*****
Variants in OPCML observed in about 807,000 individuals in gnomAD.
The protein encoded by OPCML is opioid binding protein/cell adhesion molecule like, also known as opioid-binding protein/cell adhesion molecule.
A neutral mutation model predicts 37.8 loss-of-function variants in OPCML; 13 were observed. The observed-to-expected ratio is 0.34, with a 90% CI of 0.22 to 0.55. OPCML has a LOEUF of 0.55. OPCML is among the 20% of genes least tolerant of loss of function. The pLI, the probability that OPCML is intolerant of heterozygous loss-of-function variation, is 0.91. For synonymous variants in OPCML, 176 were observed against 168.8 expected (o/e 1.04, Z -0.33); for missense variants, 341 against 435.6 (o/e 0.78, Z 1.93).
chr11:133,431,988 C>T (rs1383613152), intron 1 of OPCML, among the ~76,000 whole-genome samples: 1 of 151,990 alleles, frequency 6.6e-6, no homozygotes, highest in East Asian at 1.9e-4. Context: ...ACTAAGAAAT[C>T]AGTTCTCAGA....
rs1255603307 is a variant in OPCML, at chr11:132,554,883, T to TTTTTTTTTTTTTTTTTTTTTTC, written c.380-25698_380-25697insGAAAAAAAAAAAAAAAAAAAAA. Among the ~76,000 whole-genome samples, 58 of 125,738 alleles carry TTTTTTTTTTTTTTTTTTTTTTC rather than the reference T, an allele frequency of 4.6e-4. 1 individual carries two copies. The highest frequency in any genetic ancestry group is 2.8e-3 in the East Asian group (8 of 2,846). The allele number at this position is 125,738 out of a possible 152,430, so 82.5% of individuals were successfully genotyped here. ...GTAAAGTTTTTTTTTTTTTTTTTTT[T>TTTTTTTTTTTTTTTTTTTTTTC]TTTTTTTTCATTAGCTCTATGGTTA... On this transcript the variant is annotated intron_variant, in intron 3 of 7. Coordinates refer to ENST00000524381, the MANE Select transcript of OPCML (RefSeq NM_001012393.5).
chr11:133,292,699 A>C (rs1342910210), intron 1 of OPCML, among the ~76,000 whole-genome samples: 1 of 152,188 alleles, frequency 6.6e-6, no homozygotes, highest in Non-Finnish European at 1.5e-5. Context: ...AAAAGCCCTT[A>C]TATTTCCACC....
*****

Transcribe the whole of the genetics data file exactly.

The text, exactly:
Variants in OPCML observed in about 807,000 individuals in gnomAD.
The protein encoded by OPCML is opioid binding protein/cell adhesion molecule like, also known as opioid-binding protein/cell adhesion molecule.
A neutral mutation model predicts 37.8 loss-of-function variants in OPCML; 13 were observed. The observed-to-expected ratio is 0.34, with a 90% CI of 0.22 to 0.55. OPCML has a LOEUF of 0.55. OPCML is among the 20% of genes least tolerant of loss of function. The pLI, the probability that OPCML is intolerant of heterozygous loss-of-function variation, is 0.91. For synonymous variants in OPCML, 176 were observed against 168.8 expected (o/e 1.04, Z -0.33); for missense variants, 341 against 435.6 (o/e 0.78, Z 1.93).
chr11:133,431,988 C>T (rs1383613152), intron 1 of OPCML, among the ~76,000 whole-genome samples: 1 of 151,990 alleles, frequency 6.6e-6, no homozygotes, highest in East Asian at 1.9e-4. Context: ...ACTAAGAAAT[C>T]AGTTCTCAGA....
rs1255603307 is a variant in OPCML, at chr11:132,554,883, T to TTTTTTTTTTTTTTTTTTTTTTC, written c.380-25698_380-25697insGAAAAAAAAAAAAAAAAAAAAA. Among the ~76,000 whole-genome samples, 58 of 125,738 alleles carry TTTTTTTTTTTTTTTTTTTTTTC rather than the reference T, an allele frequency of 4.6e-4. 1 individual carries two copies. The highest frequency in any genetic ancestry group is 2.8e-3 in the East Asian group (8 of 2,846). The allele number at this position is 125,738 out of a possible 152,430, so 82.5% of individuals were successfully genotyped here. ...GTAAAGTTTTTTTTTTTTTTTTTTT[T>TTTTTTTTTTTTTTTTTTTTTTC]TTTTTTTTCATTAGCTCTATGGTTA... On this transcript the variant is annotated intron_variant, in intron 3 of 7. Coordinates refer to ENST00000524381, the MANE Select transcript of OPCML (RefSeq NM_001012393.5).
chr11:133,292,699 A>C (rs1342910210), intron 1 of OPCML, among the ~76,000 whole-genome samples: 1 of 152,188 alleles, frequency 6.6e-6, no homozygotes, highest in Non-Finnish European at 1.5e-5. Context: ...AAAAGCCCTT[A>C]TATTTCCACC....